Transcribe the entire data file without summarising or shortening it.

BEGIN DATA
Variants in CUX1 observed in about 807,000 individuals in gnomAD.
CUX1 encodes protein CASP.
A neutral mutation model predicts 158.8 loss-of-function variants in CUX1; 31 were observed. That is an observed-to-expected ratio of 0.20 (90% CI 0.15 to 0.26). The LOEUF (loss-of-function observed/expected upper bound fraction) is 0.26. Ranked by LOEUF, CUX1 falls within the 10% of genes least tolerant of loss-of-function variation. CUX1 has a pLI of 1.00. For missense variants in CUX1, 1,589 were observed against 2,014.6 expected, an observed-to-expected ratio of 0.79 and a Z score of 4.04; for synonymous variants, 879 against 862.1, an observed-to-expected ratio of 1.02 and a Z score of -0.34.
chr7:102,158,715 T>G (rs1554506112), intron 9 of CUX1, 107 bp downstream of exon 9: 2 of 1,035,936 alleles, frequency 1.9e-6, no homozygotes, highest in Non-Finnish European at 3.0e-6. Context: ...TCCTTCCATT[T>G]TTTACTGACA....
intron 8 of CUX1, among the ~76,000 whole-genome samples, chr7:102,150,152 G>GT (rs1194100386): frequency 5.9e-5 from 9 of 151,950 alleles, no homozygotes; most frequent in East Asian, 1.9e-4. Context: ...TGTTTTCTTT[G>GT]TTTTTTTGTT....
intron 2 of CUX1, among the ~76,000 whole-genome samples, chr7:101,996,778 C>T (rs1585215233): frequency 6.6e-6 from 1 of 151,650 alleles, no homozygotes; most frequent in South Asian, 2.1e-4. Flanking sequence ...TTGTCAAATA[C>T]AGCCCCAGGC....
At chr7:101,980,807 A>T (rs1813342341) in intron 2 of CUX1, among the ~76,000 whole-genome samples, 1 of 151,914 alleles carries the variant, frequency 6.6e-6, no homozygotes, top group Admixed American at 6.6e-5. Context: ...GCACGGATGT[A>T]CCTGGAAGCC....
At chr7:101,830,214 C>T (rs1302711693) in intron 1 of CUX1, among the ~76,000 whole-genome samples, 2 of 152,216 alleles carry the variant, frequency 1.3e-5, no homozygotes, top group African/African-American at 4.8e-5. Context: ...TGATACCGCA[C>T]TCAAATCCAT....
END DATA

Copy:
Variants in CUX1 observed in about 807,000 individuals in gnomAD.
CUX1 encodes protein CASP.
A neutral mutation model predicts 158.8 loss-of-function variants in CUX1; 31 were observed. That is an observed-to-expected ratio of 0.20 (90% CI 0.15 to 0.26). The LOEUF (loss-of-function observed/expected upper bound fraction) is 0.26. Ranked by LOEUF, CUX1 falls within the 10% of genes least tolerant of loss-of-function variation. CUX1 has a pLI of 1.00. For missense variants in CUX1, 1,589 were observed against 2,014.6 expected, an observed-to-expected ratio of 0.79 and a Z score of 4.04; for synonymous variants, 879 against 862.1, an observed-to-expected ratio of 1.02 and a Z score of -0.34.
chr7:102,158,715 T>G (rs1554506112), intron 9 of CUX1, 107 bp downstream of exon 9: 2 of 1,035,936 alleles, frequency 1.9e-6, no homozygotes, highest in Non-Finnish European at 3.0e-6. Context: ...TCCTTCCATT[T>G]TTTACTGACA....
intron 8 of CUX1, among the ~76,000 whole-genome samples, chr7:102,150,152 G>GT (rs1194100386): frequency 5.9e-5 from 9 of 151,950 alleles, no homozygotes; most frequent in East Asian, 1.9e-4. Context: ...TGTTTTCTTT[G>GT]TTTTTTTGTT....
intron 2 of CUX1, among the ~76,000 whole-genome samples, chr7:101,996,778 C>T (rs1585215233): frequency 6.6e-6 from 1 of 151,650 alleles, no homozygotes; most frequent in South Asian, 2.1e-4. Flanking sequence ...TTGTCAAATA[C>T]AGCCCCAGGC....
At chr7:101,980,807 A>T (rs1813342341) in intron 2 of CUX1, among the ~76,000 whole-genome samples, 1 of 151,914 alleles carries the variant, frequency 6.6e-6, no homozygotes, top group Admixed American at 6.6e-5. Context: ...GCACGGATGT[A>T]CCTGGAAGCC....
At chr7:101,830,214 C>T (rs1302711693) in intron 1 of CUX1, among the ~76,000 whole-genome samples, 2 of 152,216 alleles carry the variant, frequency 1.3e-5, no homozygotes, top group African/African-American at 4.8e-5. Context: ...TGATACCGCA[C>T]TCAAATCCAT....